Oil giant Saudi Arabia is seeking to block adoption of a key UN climate change report unless a passage highlighting the inadequacy of national carbon-cutting pledges is removed or altered, according to multiple sources.
Already in overtime, a meeting of the 195-nation Intergovernmental Panel on Climate Change (IPCC) in Incheon, South Korea is vetting a major report that traces pathways for limiting global warming to 1.5 degrees Celsius (2.7 degrees Fahrenheit).
Most of these scenarios involve a sharp reduction in the use of fossil fuels -- Saudi Arabia's key export.
"We are very concerned that a single country is threatening to hold up adoption of the IPCC Special Report if scientific findings are not changed or deleted according to its demands," said an informed observer who asked not to be named.
The source, along with two other persons with direct knowledge of the situation, identified the country as Saudi Arabia.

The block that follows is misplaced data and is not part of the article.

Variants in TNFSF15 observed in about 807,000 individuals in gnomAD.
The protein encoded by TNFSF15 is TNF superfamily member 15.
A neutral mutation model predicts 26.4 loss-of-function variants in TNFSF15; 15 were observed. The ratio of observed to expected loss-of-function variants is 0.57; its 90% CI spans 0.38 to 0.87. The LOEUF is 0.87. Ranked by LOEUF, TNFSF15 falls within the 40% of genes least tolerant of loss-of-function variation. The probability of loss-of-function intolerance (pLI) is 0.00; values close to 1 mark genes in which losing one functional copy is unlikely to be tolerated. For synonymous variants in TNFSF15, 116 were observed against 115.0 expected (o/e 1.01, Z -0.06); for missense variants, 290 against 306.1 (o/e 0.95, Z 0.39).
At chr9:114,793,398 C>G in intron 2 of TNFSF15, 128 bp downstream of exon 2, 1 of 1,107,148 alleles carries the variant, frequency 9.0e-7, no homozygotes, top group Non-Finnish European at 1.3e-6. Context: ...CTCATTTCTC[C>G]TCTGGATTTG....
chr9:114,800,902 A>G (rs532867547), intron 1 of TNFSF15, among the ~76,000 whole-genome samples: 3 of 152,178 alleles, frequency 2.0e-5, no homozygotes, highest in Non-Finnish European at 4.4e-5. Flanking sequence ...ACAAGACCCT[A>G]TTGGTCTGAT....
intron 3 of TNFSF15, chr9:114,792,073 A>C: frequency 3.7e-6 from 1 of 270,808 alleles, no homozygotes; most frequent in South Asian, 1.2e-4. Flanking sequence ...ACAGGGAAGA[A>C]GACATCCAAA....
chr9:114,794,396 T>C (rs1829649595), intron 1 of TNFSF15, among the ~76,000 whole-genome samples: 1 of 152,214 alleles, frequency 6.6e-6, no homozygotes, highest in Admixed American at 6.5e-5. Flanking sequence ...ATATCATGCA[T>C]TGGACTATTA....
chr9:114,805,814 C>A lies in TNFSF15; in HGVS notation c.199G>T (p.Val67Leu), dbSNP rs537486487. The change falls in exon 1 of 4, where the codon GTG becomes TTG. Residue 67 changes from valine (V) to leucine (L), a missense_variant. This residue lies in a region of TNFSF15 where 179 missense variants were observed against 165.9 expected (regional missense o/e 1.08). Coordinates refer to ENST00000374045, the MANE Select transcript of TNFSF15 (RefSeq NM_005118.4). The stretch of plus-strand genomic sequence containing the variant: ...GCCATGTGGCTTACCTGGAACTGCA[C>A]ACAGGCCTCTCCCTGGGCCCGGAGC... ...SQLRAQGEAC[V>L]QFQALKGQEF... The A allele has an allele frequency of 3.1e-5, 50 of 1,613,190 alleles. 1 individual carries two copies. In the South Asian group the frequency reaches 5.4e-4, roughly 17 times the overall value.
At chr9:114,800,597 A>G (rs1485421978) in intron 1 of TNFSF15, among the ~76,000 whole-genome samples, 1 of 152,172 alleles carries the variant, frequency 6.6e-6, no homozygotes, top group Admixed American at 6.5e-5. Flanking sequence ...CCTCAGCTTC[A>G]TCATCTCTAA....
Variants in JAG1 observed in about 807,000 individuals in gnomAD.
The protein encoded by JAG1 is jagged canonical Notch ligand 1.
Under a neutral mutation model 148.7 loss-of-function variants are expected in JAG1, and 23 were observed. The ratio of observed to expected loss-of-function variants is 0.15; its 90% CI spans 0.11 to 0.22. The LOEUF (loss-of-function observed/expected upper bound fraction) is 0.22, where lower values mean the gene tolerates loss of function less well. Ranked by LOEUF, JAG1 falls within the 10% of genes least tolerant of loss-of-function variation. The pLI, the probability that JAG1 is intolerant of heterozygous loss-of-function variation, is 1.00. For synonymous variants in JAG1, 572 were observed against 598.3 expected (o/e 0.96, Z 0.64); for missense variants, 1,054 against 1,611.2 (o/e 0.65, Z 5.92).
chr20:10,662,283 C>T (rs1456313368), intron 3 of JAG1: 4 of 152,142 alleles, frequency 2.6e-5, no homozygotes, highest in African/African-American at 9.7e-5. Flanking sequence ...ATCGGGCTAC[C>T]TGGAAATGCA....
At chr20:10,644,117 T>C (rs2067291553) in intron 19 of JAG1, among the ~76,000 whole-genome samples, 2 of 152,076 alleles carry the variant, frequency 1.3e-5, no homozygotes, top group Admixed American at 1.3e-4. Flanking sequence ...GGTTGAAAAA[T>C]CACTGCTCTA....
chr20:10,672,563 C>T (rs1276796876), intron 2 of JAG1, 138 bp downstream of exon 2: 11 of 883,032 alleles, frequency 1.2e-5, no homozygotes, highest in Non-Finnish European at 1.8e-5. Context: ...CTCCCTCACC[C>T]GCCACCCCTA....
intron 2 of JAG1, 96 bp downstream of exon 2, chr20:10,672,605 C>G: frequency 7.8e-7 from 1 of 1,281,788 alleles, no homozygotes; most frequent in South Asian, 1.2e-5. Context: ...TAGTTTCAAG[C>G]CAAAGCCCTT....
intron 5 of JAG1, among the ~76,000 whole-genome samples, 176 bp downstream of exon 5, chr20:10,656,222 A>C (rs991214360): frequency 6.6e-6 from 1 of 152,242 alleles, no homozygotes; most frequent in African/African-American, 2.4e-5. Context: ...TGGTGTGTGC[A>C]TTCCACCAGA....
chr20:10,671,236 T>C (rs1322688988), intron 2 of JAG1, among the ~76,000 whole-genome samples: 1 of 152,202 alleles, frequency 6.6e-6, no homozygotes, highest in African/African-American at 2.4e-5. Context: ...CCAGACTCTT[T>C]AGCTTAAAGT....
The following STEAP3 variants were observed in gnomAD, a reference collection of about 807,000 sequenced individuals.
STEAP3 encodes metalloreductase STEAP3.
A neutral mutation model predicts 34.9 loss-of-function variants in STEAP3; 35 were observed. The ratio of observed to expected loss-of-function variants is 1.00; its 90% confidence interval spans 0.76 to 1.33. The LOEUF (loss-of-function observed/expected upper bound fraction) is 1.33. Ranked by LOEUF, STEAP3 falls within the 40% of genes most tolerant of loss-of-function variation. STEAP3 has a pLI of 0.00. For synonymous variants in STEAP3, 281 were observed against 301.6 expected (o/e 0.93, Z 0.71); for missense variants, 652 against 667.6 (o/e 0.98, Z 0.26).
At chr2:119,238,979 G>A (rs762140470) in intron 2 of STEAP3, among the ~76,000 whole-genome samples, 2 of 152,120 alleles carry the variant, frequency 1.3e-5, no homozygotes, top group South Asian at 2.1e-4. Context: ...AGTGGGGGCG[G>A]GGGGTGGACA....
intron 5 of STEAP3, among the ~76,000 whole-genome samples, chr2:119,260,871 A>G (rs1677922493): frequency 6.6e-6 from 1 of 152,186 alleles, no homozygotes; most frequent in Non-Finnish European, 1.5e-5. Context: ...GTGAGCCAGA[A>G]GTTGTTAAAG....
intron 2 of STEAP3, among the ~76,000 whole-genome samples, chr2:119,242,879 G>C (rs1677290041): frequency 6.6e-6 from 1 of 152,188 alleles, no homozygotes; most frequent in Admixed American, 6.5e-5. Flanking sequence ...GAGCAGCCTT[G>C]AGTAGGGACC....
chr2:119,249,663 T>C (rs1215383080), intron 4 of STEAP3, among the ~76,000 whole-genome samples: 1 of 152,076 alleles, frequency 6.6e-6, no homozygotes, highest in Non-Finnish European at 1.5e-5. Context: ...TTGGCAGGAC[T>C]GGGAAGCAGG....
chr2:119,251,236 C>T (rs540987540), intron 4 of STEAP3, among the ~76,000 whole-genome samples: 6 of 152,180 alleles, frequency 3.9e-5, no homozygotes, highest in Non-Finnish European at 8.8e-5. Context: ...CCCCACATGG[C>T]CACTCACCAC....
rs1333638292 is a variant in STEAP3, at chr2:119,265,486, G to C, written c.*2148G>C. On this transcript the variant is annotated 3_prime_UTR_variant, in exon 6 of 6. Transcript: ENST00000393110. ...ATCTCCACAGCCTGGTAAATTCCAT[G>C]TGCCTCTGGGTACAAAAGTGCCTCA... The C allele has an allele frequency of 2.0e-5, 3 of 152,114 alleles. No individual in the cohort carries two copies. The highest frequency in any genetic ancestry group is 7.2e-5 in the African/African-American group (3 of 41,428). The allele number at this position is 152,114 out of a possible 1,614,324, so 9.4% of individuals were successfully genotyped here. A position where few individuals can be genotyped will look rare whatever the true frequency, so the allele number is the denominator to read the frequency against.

"This has become a battle between Saudi Arabia, a rich oil producer, and small island states threatened with extinction," said another participant at the meeting who also requested anonymity.
"The report hangs in the balance," the meeting's chair said Saturday -- a day after talks were due to end -- before convening an emergency huddle of the IPCC's half-dozen vice chairs, according to someone in the room.
A email to Saudi officials seeking comment was not answered, and delegates at the closed-door meeting were not accessible.